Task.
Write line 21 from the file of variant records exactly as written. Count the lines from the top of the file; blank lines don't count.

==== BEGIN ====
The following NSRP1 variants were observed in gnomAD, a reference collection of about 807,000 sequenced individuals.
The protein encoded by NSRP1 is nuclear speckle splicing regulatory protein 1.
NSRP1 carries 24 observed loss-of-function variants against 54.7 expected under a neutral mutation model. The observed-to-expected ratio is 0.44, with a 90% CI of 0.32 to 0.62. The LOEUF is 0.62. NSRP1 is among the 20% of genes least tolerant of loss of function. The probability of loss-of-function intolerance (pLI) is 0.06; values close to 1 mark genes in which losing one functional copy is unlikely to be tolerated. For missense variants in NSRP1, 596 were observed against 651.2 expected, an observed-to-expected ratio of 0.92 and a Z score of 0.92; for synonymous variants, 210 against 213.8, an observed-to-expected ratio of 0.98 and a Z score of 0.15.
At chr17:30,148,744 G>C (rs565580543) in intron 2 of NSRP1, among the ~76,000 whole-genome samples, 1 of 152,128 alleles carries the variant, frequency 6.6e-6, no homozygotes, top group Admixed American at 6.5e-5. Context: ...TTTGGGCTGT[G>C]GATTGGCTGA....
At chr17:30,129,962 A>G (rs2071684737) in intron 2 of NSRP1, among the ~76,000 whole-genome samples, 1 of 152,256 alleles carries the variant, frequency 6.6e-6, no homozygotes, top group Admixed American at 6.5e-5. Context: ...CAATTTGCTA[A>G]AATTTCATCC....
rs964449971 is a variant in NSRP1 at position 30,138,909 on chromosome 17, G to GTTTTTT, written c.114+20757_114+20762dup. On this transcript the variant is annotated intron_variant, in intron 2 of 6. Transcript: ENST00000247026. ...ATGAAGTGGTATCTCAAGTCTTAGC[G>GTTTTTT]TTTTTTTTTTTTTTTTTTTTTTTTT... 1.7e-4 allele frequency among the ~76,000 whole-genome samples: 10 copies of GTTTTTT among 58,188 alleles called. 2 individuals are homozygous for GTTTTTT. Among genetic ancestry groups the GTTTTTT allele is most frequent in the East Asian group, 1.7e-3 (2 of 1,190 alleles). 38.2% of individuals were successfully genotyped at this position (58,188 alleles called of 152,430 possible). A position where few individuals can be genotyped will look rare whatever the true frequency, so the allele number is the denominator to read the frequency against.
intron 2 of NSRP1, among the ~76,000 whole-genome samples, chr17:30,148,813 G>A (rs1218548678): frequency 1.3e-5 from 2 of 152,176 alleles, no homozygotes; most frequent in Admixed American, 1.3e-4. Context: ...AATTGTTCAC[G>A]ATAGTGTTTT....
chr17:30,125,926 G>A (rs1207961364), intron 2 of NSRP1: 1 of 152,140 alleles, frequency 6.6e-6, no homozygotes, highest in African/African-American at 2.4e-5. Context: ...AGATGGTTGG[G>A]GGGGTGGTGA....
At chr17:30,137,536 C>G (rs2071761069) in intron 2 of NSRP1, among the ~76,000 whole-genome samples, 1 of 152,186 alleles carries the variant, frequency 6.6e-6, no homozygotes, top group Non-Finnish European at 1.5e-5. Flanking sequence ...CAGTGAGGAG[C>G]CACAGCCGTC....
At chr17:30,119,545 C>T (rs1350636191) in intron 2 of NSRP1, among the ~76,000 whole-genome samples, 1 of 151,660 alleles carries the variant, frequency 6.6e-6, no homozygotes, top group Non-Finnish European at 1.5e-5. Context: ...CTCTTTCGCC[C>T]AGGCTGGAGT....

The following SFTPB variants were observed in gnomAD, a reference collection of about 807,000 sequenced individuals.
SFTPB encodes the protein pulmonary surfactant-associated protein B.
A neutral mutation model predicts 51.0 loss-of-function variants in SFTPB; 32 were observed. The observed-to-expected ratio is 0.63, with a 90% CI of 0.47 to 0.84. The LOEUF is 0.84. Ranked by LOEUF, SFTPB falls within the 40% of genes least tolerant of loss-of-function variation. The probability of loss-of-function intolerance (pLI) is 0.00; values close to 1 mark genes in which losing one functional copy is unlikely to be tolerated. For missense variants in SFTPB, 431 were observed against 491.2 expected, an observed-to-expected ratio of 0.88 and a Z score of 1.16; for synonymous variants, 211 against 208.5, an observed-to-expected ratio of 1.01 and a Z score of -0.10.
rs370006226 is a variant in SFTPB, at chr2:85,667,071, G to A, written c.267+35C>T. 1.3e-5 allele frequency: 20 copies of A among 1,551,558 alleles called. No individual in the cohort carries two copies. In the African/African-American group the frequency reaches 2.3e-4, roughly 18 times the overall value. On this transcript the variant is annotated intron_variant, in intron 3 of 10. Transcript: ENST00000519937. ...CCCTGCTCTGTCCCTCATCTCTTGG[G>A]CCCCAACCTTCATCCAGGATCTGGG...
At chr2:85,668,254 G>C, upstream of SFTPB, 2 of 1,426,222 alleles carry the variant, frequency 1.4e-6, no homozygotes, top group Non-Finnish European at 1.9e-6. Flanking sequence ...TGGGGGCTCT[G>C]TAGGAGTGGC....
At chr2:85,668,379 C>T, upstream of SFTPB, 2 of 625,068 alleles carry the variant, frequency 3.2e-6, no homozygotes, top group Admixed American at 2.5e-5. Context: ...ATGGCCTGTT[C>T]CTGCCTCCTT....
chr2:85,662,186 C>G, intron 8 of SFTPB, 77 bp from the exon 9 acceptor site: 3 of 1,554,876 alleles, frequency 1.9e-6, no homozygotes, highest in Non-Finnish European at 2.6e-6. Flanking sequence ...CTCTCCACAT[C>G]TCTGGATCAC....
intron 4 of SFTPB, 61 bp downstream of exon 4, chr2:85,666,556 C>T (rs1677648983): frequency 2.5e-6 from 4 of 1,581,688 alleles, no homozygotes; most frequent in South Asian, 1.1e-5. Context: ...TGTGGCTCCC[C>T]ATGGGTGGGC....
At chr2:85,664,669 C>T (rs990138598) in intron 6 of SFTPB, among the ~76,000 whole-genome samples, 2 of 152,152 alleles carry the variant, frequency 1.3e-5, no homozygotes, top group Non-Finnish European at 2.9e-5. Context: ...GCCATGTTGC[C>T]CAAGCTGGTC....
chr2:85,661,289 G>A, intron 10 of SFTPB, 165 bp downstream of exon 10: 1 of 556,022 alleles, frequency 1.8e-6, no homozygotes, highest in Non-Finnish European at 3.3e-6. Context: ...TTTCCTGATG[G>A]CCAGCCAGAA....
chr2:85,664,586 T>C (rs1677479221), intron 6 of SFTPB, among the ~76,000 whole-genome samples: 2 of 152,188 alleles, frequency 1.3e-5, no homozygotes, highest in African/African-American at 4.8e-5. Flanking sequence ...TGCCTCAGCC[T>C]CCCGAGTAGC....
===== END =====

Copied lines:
chr2:85,664,586 T>C (rs1677479221), intron 6 of SFTPB, among the ~76,000 whole-genome samples: 2 of 152,188 alleles, frequency 1.3e-5, no homozygotes, highest in African/African-American at 4.8e-5. Flanking sequence ...TGCCTCAGCC[T>C]CCCGAGTAGC....